The Best Food to Eat in Vietnam

From eating in random living rooms to five star meals, here are some of the best Vietnamese street foods and snacks you must try, while traveling through Vietnam.

Vietnamese food is without a doubt, one of our favorite cuisines. People love it's creative ingredients, and that mix of sweet, sour and spicy flavors! If you travel to Vietnam you will be more excited to taste everything and eat your way through the various cities like Hanoi, Hue, Hoi An, and Saigon.

Of course, being a huge country, the various regions of Vietnam (north, central, and south) each had their own unique food styles. Come to Vietnam, you will have the chance to try the food from so many different parts of the country. No matter where you go, you are able to find vietnamese staples like Pho and Bun Cha, and you will be surprised by the variation from one city to another -- for instance, the Pho you order in Hanoi is almost completely different from the Pho you'll get in Saigon.
Another thing that surprises is that each of the three regions has very different dining cultures. In Hanoi, the north of Vietnam, the places with basically "mom and pop" street food stalls. In Hue and Hoi an, the central region of Vietnam, things are a little more developed, and you will find a broader selection of traditional restaurants. In Saigon --Vietnam's largest city -- you will be able to find everything from amazing street food to fine dining all on the same street.

Below are a few tips for eating some of the best Vietnamese food you should try, while taking a tour of Vietnam in the future. I know we are missing a ton of dishes on this list, so let us know about your favorites in the comments!
Tips for eating in Vietnam
One thing we quickly learned, was that eating in Vietnam is a very different than eating in a Vietnamese restaurants in the US or Europe.  Below are a few things to keep in mind when while looking for a bite to eat in Vietnam.
Be adventurous: Many restaurants in Vietnam (especially Hanoi) don't always look like traditional restaurants in the US or Europe. Sometimes, the "restaurant" is the front room of someone's house, and they serve food to you in what is essentially their living room. Sometimes the "restaurant" is just a grill setup over an open fire on the sidewalk. If you see people sitting on little plastic stools, go ahead and join them. We did this many times, and had amazing meals, and never died. It's perfectly safe.

Look for locals: This golden rule of eating in a foreign city applies anywhere, but especially for Vietnam. If you look into a place and see nothing but wide eyed westerners looking back at you, run away. Often times this tactic does mean that you will end up going into places that may appear to be less than "100% sanitary" (though you'll get over that quickly in Vietnam), and they most likely will not have a translated menu for you. Deal with it. Find someone who is eating something that looks good and point to it when you order. Odds are you'll get delicious, authentic food, and for a fraction of what you'd pay in a restaurant that caters to foreigners.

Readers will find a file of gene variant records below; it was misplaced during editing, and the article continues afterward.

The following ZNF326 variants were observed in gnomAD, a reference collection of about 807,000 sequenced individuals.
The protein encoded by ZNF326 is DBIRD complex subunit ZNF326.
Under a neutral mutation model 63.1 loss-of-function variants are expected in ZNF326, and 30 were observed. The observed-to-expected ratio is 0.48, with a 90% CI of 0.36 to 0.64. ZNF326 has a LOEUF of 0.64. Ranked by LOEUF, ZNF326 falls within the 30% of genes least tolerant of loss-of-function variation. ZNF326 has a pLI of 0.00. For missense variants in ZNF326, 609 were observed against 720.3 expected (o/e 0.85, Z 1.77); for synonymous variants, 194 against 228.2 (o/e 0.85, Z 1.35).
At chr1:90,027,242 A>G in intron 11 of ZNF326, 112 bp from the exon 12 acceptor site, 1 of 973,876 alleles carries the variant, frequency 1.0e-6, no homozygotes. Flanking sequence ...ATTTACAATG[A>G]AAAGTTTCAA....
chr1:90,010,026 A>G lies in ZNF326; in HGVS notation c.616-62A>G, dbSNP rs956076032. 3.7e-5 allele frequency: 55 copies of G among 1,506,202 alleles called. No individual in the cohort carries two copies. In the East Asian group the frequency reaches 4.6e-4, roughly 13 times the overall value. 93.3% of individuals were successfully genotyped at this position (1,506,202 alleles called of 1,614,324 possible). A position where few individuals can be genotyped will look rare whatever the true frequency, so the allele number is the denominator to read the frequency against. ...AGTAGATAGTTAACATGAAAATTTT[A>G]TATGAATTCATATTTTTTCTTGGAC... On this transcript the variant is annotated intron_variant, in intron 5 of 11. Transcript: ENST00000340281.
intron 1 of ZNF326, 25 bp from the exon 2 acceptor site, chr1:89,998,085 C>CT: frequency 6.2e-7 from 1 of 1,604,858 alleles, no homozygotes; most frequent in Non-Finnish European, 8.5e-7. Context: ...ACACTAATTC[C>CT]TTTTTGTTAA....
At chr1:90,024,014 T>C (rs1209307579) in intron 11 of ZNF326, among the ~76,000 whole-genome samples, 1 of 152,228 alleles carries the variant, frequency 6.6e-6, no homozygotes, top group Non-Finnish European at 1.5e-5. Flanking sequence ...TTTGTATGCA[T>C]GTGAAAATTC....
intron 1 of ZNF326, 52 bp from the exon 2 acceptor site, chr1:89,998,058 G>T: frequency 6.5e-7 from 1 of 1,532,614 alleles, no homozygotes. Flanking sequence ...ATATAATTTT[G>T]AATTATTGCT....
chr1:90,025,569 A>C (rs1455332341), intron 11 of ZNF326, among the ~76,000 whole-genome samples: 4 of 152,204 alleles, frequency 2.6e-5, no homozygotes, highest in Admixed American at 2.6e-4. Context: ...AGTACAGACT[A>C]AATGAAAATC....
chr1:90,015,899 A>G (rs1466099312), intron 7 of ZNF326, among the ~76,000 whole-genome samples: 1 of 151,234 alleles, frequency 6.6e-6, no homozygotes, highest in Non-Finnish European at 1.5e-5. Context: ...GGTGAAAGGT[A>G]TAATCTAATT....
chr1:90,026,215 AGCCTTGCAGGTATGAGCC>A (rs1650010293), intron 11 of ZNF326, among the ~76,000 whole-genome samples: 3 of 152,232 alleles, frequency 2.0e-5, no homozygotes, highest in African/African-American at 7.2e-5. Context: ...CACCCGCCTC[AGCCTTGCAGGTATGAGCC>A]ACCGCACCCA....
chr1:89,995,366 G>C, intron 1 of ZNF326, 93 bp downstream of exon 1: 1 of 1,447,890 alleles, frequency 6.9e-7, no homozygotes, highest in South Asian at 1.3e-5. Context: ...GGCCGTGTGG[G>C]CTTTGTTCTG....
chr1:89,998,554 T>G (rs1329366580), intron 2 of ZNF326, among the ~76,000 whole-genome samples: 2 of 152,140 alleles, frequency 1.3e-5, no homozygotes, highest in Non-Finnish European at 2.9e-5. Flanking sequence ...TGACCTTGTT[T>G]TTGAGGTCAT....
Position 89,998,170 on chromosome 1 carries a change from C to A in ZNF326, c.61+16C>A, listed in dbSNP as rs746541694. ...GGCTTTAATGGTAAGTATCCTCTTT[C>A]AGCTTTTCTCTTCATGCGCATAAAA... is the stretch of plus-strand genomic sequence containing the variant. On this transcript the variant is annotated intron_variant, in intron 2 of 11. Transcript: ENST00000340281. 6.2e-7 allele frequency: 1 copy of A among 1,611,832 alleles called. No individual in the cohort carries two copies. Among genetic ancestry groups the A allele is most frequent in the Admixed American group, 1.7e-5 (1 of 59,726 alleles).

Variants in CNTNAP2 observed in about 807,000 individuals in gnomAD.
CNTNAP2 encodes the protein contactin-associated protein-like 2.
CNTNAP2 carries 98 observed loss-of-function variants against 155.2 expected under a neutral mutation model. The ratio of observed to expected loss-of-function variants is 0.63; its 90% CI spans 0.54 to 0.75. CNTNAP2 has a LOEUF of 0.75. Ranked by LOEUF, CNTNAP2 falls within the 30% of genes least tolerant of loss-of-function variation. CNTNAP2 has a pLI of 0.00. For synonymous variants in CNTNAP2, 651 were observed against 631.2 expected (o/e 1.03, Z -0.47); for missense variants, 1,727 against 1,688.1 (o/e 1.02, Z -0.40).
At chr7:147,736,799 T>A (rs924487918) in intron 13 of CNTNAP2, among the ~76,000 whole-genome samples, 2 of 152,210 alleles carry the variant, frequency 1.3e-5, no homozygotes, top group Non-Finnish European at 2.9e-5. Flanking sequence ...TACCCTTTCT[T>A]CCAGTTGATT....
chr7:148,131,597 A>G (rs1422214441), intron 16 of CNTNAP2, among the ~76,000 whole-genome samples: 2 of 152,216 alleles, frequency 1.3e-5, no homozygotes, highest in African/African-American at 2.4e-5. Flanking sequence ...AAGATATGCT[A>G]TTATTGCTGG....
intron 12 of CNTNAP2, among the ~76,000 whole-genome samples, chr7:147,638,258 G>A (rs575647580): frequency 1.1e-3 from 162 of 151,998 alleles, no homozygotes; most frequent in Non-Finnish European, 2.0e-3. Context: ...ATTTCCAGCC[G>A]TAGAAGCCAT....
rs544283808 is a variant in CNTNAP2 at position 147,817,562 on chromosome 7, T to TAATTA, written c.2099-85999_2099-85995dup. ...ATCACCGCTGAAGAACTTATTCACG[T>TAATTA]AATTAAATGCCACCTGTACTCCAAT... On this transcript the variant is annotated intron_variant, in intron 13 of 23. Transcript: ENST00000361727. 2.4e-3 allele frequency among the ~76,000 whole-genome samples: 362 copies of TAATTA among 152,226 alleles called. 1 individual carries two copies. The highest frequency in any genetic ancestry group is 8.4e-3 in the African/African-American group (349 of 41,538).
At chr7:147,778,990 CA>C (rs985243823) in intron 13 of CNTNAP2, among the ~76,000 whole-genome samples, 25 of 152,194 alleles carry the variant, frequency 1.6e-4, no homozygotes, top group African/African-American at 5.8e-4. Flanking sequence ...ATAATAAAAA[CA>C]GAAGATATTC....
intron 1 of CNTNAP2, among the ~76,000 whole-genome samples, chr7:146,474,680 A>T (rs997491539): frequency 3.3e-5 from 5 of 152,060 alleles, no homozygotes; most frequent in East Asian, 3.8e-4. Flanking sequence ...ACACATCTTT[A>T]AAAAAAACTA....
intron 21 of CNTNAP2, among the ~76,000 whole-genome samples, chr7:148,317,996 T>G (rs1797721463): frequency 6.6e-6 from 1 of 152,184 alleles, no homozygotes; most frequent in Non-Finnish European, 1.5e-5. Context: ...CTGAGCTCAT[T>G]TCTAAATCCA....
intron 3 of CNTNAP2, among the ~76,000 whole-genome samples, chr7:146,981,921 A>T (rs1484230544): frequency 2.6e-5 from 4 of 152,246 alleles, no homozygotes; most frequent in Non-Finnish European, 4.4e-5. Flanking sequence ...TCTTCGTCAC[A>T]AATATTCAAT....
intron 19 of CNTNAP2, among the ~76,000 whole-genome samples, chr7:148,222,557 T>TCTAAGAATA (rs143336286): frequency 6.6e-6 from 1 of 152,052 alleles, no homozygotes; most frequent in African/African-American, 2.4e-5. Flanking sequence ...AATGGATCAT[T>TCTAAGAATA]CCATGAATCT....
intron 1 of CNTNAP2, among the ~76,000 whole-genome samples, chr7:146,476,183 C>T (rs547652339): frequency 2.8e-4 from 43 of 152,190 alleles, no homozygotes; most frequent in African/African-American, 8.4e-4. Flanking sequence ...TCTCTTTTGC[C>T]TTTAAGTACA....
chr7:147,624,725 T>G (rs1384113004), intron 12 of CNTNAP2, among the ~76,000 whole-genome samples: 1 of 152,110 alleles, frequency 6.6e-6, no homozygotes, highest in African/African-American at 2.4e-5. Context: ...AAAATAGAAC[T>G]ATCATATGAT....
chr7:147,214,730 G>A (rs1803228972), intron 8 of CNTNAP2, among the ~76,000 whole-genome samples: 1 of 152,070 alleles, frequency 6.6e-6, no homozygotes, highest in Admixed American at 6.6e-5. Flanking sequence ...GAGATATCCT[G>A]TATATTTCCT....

Don't always expect to get a menu: Many places we ate in Vietnam only served 1 dish. You basically walk up, grab a stool, and within 30 seconds someone walks over and puts down a bowl or plate of what ever it is that restaurant makes. It could be skewers, bun cha, pho, or something else you may not always recognize - but whatever it is, that's what you're going to eat -- there are no substitutions. 
Drink beer: It's hot in Vietnam, and nothing helps cool you down like a glass of beer. You'll see it for sale everywhere. We bought some from an old lady selling it out of her house, and we sat with her on little stools on the sidewalk and drank a few bottles. Also, a bottle of beer is cheaper than a bottle of water in Vietnam, use that to your advantage -- and remember beer is 95% water anyway! Cheers!
Speaking of Beer, try Bia Hơi This is a dirt cheap local style of Vietnamese beer. Expect to pay a few pennies for a glass. Bia Hơi literally means fresh beer. It's brewed each the morning and is sold later that day! Don't be turned off when you see it served with large amounts of ice. It's surprisingly refreshing and when it's hot and humid (even inside the air conditioned rooms), you'll be thankful.  
Sometimes you just need to stop for a beer in the most unexpected of places!


Your favorite food from Hanoi, Vietnam
Bun Cha- The signature dish of Hanoi.  Follow your nose to a smoky street-side grill and chances are you’ll find Bun Cha. You’ll be given a mound of grilled pork neck, fried spring rolls, salty-sweet broth, slices of green papaya, rice noodles, and fresh herbs. Mix everything together and enjoy. 
Morning Glory Salad. It’s a crispy vegetable that is stripped down to be noodle like and we ate in variety of different ways. My favorite was eating it raw with grilled beef on top and that tangy sweet sauce, Vietnam does so well. 



Phở - There is a big difference between Phở served in Hanoi and Saigon. In Hanoi you get wider noodles, a darker broth and my favorite - a strong anise and cinnamon flavor. If you’re used to getting all the different garnishes (herbs, lemon, different types of meat, etc) you’ll have better luck in Southern Vietnam.
Phở
Bahn Mi - A baguette sandwich that is given a Southeast Asian twist by stuffing it with pâté, mayonnaise, pickled carrots and daikon, jalapeños, cilantro and cold cuts. Although we found Bahn Mi everywhere in Vietnam, we liked it best in Hanoi. Most of the stands we came across only had 2 basic types.

By Lam Nguyen

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